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The ultimate beginner's guide to Ableton Live 11 Lite: Scenes and moving over to Arrangement view

Ableton Live is a DAW that needs no introduction, and its combination of performance and production features mean it’s as popular with performers and DJs as it is with creators. 

Live 11 Lite is a cut-down version of Ableton Live, with all of the essential workflows, instruments and effects, but with limited track count, and for many years this has been bundled with apps and hardware products. This month, you can grab a free copy of Ableton Live 11 Lite with the latest issue of Computer Music Magazine.

To mark this momentous occasion and also to get you started using this fabulous software, we’ve put together a series of tutorials that run through everything you need to get acquainted with Ableton Live 11 Lite, so you can learn how to build a track from scratch.

Our tutorials are primarily for new users, but that said, we’ll also flag some of the new features you’ll find in Live 11 Lite, so even if you’ve used Live Lite before, there may be some things for you to learn here. 

Finally, although Live 11 Lite is awesome software, there are more fully featured versions of Ableton Live available on Ableton's website. So, let’s get creating in Live 11 Lite!


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(Image credit: Ableton)

Step 1: Now we have some clips to work with, we can start building some ‘scenes’ – or rows of clips – but first some explanation. The way clips play in Session View is based on the loop settings and on the Follow Actions settings if it is active. Fold open the Follow Actions tab in the clip settings and look at the options.

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(Image credit: Ableton)

Step 2: Follow Actions are not limited to clips and also exist for scenes, and the Follow Actions tab is visible in the Scene View when you select a scene. In both cases, the Follow Actions decide what happens when a clip or scene has finished playing. Options include stop, play next, play again and so on.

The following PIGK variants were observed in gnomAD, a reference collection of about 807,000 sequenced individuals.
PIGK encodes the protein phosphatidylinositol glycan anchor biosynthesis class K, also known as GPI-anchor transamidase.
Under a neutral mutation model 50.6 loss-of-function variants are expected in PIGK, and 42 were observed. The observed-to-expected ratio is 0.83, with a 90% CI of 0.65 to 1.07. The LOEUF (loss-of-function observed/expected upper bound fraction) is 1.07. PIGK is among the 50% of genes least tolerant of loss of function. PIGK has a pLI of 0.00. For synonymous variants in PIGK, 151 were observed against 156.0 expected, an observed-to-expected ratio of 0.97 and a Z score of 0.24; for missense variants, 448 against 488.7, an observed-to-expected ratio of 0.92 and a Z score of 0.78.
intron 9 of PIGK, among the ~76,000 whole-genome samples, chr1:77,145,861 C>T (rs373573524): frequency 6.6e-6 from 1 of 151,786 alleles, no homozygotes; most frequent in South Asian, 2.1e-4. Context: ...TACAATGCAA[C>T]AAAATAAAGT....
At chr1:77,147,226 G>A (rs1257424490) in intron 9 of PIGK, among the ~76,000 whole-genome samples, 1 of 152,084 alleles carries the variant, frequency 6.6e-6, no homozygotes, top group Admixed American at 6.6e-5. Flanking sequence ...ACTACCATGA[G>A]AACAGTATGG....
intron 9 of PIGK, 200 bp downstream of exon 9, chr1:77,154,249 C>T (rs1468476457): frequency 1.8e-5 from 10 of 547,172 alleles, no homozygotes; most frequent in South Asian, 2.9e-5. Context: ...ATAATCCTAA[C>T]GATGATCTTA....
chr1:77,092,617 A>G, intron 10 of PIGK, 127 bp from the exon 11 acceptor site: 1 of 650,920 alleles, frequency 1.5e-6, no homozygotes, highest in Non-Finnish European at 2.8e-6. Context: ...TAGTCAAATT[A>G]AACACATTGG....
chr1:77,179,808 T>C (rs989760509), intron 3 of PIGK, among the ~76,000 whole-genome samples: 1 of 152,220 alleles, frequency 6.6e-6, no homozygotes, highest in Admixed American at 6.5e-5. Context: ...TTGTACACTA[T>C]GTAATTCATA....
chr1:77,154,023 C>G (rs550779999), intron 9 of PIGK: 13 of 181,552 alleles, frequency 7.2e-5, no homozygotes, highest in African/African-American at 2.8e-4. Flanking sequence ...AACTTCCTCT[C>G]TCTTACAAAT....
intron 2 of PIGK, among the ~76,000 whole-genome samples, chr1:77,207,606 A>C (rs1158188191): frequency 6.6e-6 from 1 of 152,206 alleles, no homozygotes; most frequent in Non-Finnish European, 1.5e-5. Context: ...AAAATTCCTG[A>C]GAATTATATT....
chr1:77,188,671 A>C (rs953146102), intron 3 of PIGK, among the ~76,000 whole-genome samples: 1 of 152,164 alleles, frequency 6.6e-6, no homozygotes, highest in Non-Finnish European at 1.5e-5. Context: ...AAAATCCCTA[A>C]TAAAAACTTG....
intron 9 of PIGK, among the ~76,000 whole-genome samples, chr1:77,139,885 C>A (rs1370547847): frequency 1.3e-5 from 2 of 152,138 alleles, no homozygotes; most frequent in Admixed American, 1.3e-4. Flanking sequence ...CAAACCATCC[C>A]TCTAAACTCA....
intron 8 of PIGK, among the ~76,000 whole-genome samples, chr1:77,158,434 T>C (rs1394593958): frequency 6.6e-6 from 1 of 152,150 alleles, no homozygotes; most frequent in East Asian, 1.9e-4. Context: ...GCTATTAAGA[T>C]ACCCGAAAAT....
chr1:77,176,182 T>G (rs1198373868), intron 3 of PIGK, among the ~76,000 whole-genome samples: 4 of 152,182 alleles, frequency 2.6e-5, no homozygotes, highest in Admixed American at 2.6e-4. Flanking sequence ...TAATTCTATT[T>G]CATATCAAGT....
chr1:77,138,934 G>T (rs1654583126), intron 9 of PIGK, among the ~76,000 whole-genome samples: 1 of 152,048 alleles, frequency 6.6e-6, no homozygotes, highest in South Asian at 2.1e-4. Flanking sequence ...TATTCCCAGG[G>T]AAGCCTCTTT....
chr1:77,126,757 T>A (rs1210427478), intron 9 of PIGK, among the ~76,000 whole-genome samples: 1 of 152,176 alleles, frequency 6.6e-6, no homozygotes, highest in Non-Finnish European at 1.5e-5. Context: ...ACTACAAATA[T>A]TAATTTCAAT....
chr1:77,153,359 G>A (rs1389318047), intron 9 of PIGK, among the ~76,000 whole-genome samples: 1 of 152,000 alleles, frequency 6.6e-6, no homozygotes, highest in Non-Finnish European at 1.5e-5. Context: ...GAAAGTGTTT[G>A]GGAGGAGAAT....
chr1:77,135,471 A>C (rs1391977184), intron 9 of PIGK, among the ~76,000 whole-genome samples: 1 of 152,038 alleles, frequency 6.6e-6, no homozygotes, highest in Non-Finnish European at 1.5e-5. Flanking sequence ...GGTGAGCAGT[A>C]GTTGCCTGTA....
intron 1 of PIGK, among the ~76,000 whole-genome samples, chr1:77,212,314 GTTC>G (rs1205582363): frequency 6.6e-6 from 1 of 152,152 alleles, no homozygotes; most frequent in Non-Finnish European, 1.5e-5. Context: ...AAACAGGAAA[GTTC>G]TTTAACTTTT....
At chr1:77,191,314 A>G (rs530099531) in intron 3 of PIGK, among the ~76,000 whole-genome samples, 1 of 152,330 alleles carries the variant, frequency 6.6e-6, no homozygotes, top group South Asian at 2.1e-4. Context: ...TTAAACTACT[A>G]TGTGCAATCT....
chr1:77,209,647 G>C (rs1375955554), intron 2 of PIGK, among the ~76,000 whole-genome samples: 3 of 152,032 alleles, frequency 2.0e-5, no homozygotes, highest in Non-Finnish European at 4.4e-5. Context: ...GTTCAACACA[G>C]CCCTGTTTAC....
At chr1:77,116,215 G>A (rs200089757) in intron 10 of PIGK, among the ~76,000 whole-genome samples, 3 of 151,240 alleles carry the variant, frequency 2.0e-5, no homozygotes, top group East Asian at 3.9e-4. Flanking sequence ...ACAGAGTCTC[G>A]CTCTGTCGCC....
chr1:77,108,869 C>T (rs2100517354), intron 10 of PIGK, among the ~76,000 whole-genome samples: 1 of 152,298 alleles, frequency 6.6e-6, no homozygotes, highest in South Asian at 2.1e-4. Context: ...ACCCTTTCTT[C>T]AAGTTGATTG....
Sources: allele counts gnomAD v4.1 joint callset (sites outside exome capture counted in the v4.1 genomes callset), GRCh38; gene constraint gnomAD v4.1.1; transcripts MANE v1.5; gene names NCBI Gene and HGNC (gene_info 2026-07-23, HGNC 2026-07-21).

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(Image credit: Ableton)

Step 3: We can use these to influence the columns or ‘groups’ of clips in a track, or as we will do here, add them to scenes so we can try out various song structures. So, the next stage is to start arranging our clips into useful song sections that we can then jam with, and apply some Actions.

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(Image credit: Ableton)

Step 4: Clips can be dragged, copied and pasted within the Session View either via the Edit menu or using standard copy and paste key commands (Ctrl/Cmd+C and Ctrl/Cmd+V). Using this technique, build up different combinations as rows of clips.

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(Image credit: Ableton)

Step 5: Once you’ve created a few scenes, you can name them so they make sense to you. Here we’ve started with a couple of intro scenes and then a couple of scenes we’ve called A Section and B Section. We’ll continue with this until we’ve created enough variants. 

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(Image credit: Ableton)

Step 6: Jamming with our scenes is not only fun but helps us try out combinations of loops – great for intros, drops and so on. Nevertheless, to complete our track we need to move into the timeline-based Arrangement View. To make this easier to accomplish, try opening a Second Window for the Arrangement View. 

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(Image credit: Ableton)

Step 7: The first way we can move clips into the Arrangement View is to drag them. This may not seem impressive, but you can also drag and drop scenes as well. So we could simply drag all our scenes into the arrangement and continue building the track from there. 

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(Image credit: Ableton)

Step 8: For a more improvised approach, we can play the clips in the Session view and record this into the Arrangement timeline. You can do this on the fly by activating the Arrangement Record in the main transport. Even better, select Shift and Record, and recording only starts when you play a clip.  

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(Image credit: Ableton)

Step 9: The most organised option is to actually organise the Scenes using Follow Actions and specific Action Times, so the scenes essentially play back an arrangement. Then all you have to do is select the Arrangement Record as above, then trigger the first scene and record the whole lot into the timeline.